High court upholds ruling against woman who claimed wrongful firing

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The state’s high court on Thursday upheld a lower court dismissal of a claim by a woman working as a drug court case manager in Lewiston, who claimed she was wrongfully fired because she was seeking a license to open a medical marijuana dispensary.

Jody Savage was hired in June 2009 by Maine Pretrial Services, an alternative bail supervision program, to work as a case manager for the Family Treatment Drug Court in Lewiston District Court. In March 2010, she shared with her supervisor her interest in applying for a license to open a registered medical marijuana dispensary. A month later, she was disciplined for inappropriate work clothing and the way she implemented the organization’s compensation policies.

Meanwhile, she had applied to open a dispensary, according to a unanimous Maine Supreme Judicial Court decision.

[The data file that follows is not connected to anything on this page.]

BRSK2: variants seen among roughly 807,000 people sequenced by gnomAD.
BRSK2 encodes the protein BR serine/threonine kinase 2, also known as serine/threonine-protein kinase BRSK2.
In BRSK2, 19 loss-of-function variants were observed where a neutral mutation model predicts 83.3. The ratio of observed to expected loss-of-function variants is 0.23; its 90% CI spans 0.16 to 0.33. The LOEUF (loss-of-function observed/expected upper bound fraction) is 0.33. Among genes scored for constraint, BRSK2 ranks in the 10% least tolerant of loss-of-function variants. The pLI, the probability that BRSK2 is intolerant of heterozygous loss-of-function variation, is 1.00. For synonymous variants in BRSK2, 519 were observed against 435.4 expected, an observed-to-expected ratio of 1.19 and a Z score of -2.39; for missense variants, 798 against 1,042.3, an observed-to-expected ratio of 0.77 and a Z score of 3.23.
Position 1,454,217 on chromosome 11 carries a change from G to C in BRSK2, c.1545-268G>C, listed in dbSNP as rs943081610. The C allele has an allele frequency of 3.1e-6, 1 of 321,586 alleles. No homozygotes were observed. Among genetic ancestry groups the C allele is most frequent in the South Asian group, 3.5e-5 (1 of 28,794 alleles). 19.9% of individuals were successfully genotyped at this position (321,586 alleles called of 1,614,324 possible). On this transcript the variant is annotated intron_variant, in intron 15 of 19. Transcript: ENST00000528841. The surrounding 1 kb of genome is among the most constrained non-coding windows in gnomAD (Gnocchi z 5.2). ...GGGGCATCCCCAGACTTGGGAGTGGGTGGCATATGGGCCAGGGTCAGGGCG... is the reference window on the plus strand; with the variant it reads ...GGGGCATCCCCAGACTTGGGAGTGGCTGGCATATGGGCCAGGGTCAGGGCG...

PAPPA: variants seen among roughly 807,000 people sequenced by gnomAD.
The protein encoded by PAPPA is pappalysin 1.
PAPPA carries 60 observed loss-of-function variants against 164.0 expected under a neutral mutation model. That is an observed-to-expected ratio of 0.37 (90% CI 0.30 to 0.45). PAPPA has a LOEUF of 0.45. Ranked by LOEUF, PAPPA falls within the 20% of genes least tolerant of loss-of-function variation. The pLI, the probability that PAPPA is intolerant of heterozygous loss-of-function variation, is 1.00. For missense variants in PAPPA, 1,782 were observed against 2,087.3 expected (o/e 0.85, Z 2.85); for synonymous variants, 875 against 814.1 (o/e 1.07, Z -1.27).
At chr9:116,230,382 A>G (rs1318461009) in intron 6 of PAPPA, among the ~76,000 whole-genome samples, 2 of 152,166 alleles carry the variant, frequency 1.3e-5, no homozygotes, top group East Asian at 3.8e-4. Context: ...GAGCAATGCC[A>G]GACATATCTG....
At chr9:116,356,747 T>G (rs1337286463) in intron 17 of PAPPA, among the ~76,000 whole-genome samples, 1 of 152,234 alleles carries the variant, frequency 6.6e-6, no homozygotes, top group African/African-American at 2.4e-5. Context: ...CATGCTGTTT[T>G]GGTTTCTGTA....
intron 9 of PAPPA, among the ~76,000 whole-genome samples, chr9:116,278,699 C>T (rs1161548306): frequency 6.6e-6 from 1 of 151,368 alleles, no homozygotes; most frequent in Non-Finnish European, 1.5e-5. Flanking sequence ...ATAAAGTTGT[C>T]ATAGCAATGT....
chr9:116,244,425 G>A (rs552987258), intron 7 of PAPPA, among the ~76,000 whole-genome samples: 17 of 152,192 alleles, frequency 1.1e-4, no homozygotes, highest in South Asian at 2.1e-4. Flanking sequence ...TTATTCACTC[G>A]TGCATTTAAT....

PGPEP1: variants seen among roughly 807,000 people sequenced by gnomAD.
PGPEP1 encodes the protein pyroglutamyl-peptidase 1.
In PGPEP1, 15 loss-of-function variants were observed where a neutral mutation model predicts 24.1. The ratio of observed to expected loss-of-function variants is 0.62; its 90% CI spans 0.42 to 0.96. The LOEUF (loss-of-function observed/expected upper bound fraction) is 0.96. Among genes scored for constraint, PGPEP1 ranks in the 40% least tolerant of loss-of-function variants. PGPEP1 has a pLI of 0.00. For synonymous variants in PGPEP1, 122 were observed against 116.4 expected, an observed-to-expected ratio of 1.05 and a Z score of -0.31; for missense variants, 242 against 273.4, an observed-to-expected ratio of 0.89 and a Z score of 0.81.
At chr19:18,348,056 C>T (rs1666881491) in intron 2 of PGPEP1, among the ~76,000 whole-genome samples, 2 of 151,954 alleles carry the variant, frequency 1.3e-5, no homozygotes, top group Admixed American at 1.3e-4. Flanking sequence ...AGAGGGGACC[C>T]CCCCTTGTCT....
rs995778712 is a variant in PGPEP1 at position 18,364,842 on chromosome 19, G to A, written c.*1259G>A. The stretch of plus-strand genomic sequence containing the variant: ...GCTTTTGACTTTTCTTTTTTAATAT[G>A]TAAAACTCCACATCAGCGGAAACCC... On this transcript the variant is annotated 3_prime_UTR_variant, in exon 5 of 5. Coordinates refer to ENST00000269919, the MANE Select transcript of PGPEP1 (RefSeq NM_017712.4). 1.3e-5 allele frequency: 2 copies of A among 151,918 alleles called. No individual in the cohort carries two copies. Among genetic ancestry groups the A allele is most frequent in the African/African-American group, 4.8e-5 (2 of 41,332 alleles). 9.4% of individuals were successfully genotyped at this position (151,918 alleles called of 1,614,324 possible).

She was fired in June.

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Savage sued Maine Pretrial Services, claiming her termination was a violation of the Maine Medical Use of Marijuana Act.

A Cumberland County Superior Court justice ruled for the organization, which filed a motion to dismiss that claim in Savage’s suit, arguing that she failed to state a claim upon which relief could be granted.

The high court said in its 10-page ruling that the Maine Medical Use of Marijuana Act was intended to provide special protection to people who are legally engaged in sale or use of marijuana for allowable medical reasons, which is otherwise illegal in Maine.

“The conduct of applying for a license to operate a registered dispensary, although contemplated and required by the act in order to operate a registered dispensary, is not otherwise illegal and therefore does not require special protection,” Justice Andrew Mead wrote.

Mead added that the act “does not create a private right of action against a private employer.”

The law was intended to protect people from prosecution and penalties by governmental regulatory entities, he wrote.

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